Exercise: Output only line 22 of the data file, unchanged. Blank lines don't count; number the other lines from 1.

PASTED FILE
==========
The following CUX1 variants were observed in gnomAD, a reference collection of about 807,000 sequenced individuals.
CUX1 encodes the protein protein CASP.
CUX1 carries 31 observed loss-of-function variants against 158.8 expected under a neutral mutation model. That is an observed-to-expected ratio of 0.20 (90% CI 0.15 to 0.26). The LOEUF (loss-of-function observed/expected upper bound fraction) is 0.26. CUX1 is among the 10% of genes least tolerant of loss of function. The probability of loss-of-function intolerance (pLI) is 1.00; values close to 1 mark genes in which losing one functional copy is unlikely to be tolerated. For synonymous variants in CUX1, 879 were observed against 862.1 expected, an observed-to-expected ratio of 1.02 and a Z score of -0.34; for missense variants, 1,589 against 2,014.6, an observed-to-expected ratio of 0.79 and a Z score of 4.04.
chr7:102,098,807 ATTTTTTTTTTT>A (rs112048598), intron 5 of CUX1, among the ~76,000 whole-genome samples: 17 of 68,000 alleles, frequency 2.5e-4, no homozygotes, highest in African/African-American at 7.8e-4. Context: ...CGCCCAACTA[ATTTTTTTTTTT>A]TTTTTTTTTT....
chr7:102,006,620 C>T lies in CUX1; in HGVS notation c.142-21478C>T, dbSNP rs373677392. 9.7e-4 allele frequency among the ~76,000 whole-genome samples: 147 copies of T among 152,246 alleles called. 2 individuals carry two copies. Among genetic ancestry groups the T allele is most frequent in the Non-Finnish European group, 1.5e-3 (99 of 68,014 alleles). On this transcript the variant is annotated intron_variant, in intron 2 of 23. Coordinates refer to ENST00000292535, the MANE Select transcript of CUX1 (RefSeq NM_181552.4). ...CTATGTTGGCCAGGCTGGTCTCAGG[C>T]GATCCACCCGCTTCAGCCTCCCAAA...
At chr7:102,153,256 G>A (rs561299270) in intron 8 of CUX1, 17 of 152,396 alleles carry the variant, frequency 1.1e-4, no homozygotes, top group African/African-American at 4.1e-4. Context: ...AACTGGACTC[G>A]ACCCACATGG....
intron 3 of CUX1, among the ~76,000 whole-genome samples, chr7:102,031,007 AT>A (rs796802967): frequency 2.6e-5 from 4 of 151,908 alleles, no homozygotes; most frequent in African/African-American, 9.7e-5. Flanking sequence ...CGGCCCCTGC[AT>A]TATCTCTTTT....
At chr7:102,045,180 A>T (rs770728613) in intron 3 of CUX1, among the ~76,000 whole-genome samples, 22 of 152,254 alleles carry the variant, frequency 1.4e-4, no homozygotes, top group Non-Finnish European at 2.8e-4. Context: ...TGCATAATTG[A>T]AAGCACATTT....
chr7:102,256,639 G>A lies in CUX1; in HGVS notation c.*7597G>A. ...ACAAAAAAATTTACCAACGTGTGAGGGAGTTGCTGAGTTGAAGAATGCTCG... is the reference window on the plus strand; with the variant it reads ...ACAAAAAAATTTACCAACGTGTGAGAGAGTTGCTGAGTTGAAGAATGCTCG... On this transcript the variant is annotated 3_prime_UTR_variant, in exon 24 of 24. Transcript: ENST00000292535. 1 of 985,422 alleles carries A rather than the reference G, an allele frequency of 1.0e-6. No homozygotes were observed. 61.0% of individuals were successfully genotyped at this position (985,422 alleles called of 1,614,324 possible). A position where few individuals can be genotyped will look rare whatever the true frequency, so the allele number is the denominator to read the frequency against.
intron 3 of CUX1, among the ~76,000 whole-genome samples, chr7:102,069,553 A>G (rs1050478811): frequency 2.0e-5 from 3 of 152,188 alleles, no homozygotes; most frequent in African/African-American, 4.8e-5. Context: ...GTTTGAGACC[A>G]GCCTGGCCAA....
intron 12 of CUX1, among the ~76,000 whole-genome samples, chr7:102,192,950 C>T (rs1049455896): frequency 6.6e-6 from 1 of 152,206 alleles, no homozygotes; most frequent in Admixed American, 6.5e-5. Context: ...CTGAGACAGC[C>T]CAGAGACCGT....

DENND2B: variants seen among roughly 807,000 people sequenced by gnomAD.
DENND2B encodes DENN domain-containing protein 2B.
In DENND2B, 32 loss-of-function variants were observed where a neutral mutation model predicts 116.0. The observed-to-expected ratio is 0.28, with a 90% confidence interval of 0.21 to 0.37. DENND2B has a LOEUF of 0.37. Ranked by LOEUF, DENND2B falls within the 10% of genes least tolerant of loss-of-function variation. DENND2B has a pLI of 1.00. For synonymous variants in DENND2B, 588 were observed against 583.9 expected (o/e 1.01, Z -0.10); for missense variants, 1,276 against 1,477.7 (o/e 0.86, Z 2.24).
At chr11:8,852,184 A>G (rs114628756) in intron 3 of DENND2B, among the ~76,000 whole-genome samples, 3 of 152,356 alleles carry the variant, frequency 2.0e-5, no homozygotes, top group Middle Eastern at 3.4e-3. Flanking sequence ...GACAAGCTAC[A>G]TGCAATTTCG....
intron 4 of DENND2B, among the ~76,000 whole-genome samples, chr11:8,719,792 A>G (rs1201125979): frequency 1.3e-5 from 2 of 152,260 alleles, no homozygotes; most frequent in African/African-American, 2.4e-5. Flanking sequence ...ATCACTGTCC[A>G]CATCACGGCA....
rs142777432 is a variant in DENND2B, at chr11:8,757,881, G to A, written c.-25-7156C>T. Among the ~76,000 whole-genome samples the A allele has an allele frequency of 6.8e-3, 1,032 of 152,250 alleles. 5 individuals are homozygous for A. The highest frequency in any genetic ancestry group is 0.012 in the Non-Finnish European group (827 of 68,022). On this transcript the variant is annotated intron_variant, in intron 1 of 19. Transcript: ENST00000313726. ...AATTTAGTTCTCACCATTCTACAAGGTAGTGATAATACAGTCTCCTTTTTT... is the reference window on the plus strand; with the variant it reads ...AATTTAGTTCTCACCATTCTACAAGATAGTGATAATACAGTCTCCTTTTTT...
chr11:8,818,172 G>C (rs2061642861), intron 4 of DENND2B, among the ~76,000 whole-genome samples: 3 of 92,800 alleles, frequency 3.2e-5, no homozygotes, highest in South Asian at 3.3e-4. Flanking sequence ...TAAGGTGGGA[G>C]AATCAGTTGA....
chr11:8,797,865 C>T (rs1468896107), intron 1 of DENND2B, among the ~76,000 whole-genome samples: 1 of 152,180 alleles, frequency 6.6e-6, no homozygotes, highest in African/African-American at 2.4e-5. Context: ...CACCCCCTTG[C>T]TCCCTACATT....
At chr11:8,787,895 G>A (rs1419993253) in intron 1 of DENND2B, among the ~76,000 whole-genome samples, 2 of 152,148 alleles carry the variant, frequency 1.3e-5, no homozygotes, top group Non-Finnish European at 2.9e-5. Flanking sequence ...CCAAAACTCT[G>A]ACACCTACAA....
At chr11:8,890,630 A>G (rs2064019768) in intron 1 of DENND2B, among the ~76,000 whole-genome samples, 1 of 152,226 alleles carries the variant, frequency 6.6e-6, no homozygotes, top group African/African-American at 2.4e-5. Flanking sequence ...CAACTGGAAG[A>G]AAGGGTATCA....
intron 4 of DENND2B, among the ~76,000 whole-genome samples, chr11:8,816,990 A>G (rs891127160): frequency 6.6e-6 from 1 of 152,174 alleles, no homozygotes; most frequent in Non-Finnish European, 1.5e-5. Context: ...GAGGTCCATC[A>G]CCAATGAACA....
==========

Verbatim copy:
intron 4 of DENND2B, among the ~76,000 whole-genome samples, chr11:8,816,990 A>G (rs891127160): frequency 6.6e-6 from 1 of 152,174 alleles, no homozygotes; most frequent in Non-Finnish European, 1.5e-5. Context: ...GAGGTCCATC[A>G]CCAATGAACA....